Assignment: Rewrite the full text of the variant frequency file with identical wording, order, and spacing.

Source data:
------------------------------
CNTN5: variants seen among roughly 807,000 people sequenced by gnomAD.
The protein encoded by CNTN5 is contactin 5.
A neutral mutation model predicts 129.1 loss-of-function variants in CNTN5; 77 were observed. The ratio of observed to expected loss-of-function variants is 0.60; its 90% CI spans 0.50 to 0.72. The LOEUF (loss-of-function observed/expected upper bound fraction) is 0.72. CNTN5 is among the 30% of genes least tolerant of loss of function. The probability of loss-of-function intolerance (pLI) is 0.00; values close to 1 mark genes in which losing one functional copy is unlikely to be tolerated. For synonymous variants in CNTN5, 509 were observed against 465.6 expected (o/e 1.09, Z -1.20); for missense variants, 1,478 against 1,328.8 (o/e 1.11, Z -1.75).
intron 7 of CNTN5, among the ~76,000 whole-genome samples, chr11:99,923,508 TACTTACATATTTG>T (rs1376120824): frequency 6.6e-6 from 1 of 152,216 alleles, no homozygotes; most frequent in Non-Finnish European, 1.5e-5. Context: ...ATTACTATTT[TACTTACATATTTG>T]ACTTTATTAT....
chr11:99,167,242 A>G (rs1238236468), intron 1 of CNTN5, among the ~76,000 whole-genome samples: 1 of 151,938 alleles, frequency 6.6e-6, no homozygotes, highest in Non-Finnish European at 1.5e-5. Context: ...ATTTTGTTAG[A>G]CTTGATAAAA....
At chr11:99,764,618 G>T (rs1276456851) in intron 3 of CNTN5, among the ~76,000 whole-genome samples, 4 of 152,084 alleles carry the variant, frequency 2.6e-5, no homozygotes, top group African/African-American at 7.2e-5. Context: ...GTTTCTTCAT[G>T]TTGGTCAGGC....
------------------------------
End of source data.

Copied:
CNTN5: variants seen among roughly 807,000 people sequenced by gnomAD.
The protein encoded by CNTN5 is contactin 5.
A neutral mutation model predicts 129.1 loss-of-function variants in CNTN5; 77 were observed. The ratio of observed to expected loss-of-function variants is 0.60; its 90% CI spans 0.50 to 0.72. The LOEUF (loss-of-function observed/expected upper bound fraction) is 0.72. CNTN5 is among the 30% of genes least tolerant of loss of function. The probability of loss-of-function intolerance (pLI) is 0.00; values close to 1 mark genes in which losing one functional copy is unlikely to be tolerated. For synonymous variants in CNTN5, 509 were observed against 465.6 expected (o/e 1.09, Z -1.20); for missense variants, 1,478 against 1,328.8 (o/e 1.11, Z -1.75).
intron 7 of CNTN5, among the ~76,000 whole-genome samples, chr11:99,923,508 TACTTACATATTTG>T (rs1376120824): frequency 6.6e-6 from 1 of 152,216 alleles, no homozygotes; most frequent in Non-Finnish European, 1.5e-5. Context: ...ATTACTATTT[TACTTACATATTTG>T]ACTTTATTAT....
chr11:99,167,242 A>G (rs1238236468), intron 1 of CNTN5, among the ~76,000 whole-genome samples: 1 of 151,938 alleles, frequency 6.6e-6, no homozygotes, highest in Non-Finnish European at 1.5e-5. Context: ...ATTTTGTTAG[A>G]CTTGATAAAA....
At chr11:99,764,618 G>T (rs1276456851) in intron 3 of CNTN5, among the ~76,000 whole-genome samples, 4 of 152,084 alleles carry the variant, frequency 2.6e-5, no homozygotes, top group African/African-American at 7.2e-5. Context: ...GTTTCTTCAT[G>T]TTGGTCAGGC....